Wahrscheinlichkeitsrechnung. Vol. II. Mathematische Statistik, Mathematische Grundlagen der Lebensversicherung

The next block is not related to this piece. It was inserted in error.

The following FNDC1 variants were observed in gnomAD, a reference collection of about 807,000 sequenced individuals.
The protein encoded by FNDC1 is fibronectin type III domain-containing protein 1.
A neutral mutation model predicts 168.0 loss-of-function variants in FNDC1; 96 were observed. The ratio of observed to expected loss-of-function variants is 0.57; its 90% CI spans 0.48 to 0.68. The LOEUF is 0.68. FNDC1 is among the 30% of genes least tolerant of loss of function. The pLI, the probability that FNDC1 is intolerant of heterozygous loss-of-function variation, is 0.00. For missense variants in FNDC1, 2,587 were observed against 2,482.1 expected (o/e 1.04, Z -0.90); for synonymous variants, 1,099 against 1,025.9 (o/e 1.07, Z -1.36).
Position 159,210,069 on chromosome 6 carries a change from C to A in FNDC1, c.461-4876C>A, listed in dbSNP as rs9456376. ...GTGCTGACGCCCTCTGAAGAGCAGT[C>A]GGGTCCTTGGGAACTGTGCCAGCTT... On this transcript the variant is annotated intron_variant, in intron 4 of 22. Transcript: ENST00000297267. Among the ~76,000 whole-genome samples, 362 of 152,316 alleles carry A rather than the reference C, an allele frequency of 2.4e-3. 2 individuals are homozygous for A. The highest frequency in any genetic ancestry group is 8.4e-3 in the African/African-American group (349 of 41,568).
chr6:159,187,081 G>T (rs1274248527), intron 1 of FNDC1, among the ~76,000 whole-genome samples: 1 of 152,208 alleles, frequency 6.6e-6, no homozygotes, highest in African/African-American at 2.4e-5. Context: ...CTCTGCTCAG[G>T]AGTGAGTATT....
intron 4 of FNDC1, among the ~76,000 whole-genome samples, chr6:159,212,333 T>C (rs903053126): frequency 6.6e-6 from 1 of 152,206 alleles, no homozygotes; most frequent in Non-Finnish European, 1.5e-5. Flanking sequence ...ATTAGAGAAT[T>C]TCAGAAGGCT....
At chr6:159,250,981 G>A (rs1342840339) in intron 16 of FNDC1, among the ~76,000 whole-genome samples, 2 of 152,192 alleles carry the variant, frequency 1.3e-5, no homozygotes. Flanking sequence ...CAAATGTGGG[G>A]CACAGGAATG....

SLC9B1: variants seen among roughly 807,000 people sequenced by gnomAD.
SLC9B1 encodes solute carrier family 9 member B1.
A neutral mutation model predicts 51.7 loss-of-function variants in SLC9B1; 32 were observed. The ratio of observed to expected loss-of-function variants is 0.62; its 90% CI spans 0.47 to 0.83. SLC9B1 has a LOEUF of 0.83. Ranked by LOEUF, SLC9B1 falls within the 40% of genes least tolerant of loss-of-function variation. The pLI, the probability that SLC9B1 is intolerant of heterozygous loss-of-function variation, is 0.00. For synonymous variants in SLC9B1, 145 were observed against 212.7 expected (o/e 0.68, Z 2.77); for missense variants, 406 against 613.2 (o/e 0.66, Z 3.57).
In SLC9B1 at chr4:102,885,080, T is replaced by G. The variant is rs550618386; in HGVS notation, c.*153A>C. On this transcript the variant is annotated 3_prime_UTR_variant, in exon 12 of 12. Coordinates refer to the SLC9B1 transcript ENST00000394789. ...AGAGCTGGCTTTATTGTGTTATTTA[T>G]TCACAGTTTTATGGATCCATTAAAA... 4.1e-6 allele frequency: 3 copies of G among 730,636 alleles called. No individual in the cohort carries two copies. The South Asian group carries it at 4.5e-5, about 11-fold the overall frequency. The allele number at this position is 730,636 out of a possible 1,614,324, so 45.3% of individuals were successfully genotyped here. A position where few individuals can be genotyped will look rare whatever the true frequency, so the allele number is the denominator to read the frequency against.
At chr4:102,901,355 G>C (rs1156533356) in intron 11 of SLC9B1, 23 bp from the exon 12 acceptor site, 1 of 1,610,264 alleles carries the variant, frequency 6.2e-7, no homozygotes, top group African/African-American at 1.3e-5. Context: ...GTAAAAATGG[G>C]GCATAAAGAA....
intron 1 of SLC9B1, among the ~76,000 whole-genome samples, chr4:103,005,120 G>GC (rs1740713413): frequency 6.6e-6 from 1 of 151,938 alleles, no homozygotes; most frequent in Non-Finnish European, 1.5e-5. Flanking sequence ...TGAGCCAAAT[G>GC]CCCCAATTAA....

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... echnung. Vol. II. Mathematische Statistik, Mathematische Grundlagen der Lebensversicherung. By EMANUEL CZUBER. Second, revised and enlarged, edition. Pp. x+470. 8vo. 1910. (Teubner, Leipzig.) Professor Czuber's first edition, published in 1903, was in only one volume. By reserving for this second volume some of the principal applications of the fundamental theorems dealt with in the first, he is now able to introduce a considerable number of additions. Almost all the changes which Professor Czuber has made are by way of addition, and he has retained without alteration almost the whole text of the first edition. The most considerable of these enlargements are directed to a fuller treatment of the subject of invalidity. There are new sections on invalidity statistics, on invalidity insurance, and on State insurance. The mathematical theory of mortality statistics and of life insurance, the subject of invalidity being introduced as matter subsidiary to this, occupies the greater part of the volume now under review. So far as I can judge, these topics have been admirably treated, and the very numerous references to other writers ought to render it exceedingly valuable to students of the technical detail of this subject. But with technical detail it is mainly concerned, and there is not a great deal of much interest to mathematicians as such or to general students of the theory of statistics in relation to probability. This does not apply, however, to the first section of the first part, entitled Die menschlichen Massenerscheinungen, in which there is a good deal of general theory relating to statistical or inductive probabilities, and in which he supplies a very useful account of the mathematical basis of the statistical methods associated with the name of Prof. Lexis. Probabilities, which are based upon evidence arising out of observed statistical frequencies, Professor Czuber usefully distinguishes under the name of statistical probabilities from those, such as occur in the discussion of games of chance, arising out of a number of alternatives which the principle of non-sufficient reason permits us to regard as equi-probable. Under this heading he deals, by methods very mach like those adopted by numerous other writers, with such questions as the probable limits of unobserved statistical frequencies, given the values of certain similar statistical frequencies which have been observed in the past. I am inclined to think that almost the whole of this is not, as it stands, altogether valid. The probability of an induction cannot be calculated by these precise numerical methods, and some of the conclusions to which they lead seem plainly contrary to what it is reasonable to believe. In order to employ these methods, Professor Czuber has, in fact, to rely upon veiled appeals to the principle of non-sufficient reason at points of the argument, when he is not, apparently, aware that he is doing so, and at points where appeals to this principle cannot be made legitimately. It is the fundamental error of this part of the classical theory of probability that it arrives at far too high a probability in favour of any hypothesis that it is called in to support. J. M. KEYNES.